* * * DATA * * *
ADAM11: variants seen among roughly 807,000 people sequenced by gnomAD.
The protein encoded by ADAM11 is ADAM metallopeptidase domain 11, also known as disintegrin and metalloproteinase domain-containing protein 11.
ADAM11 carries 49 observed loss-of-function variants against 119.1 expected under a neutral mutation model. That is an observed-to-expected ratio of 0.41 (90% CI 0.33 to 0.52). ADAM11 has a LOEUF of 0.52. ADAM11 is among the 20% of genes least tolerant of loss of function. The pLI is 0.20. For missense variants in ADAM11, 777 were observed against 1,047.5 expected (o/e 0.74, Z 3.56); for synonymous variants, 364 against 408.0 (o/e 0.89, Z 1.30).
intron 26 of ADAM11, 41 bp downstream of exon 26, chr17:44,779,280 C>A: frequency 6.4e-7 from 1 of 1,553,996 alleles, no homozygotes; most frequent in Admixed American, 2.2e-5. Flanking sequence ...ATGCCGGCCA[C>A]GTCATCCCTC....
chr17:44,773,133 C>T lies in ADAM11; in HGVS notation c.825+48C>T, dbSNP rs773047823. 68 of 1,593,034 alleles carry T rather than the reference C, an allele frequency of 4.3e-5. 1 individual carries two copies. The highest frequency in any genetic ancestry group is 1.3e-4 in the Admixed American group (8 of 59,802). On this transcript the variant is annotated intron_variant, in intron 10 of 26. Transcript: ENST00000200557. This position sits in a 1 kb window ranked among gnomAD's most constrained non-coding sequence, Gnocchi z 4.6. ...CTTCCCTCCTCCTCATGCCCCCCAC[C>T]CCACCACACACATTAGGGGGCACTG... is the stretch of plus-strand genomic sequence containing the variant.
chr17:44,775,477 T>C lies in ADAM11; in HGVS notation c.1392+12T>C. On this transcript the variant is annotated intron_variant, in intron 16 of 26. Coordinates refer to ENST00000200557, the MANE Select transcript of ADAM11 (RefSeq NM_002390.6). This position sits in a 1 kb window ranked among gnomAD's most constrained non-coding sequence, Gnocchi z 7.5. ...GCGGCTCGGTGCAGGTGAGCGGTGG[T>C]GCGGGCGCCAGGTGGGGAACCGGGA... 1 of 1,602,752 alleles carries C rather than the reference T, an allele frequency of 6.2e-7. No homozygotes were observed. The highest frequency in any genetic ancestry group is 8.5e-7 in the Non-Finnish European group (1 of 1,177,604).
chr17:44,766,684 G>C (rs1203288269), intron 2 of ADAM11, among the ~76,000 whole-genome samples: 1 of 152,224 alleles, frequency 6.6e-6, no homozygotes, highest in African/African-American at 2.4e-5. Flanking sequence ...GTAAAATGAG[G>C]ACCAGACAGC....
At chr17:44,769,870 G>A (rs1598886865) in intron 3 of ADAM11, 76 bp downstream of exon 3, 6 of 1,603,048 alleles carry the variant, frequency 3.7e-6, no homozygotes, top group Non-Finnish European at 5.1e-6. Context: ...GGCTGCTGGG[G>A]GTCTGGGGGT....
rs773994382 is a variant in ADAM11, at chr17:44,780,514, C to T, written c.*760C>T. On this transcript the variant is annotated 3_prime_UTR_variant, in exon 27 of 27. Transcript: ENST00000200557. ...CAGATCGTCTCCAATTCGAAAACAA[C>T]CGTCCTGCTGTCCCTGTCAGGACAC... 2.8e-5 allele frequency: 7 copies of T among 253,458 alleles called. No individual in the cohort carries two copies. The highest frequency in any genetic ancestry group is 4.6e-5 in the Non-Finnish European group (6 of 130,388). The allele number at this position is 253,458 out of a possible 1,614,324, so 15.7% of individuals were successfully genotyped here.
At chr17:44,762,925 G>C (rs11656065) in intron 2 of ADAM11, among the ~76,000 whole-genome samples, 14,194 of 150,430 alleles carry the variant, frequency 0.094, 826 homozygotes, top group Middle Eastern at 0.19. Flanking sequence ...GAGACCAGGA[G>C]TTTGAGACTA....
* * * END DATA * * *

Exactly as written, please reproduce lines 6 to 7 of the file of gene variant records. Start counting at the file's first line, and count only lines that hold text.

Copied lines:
chr17:44,775,477 T>C lies in ADAM11; in HGVS notation c.1392+12T>C. On this transcript the variant is annotated intron_variant, in intron 16 of 26. Coordinates refer to ENST00000200557, the MANE Select transcript of ADAM11 (RefSeq NM_002390.6). This position sits in a 1 kb window ranked among gnomAD's most constrained non-coding sequence, Gnocchi z 7.5. ...GCGGCTCGGTGCAGGTGAGCGGTGG[T>C]GCGGGCGCCAGGTGGGGAACCGGGA... 1 of 1,602,752 alleles carries C rather than the reference T, an allele frequency of 6.2e-7. No homozygotes were observed. The highest frequency in any genetic ancestry group is 8.5e-7 in the Non-Finnish European group (1 of 1,177,604).
chr17:44,766,684 G>C (rs1203288269), intron 2 of ADAM11, among the ~76,000 whole-genome samples: 1 of 152,224 alleles, frequency 6.6e-6, no homozygotes, highest in African/African-American at 2.4e-5. Flanking sequence ...GTAAAATGAG[G>C]ACCAGACAGC....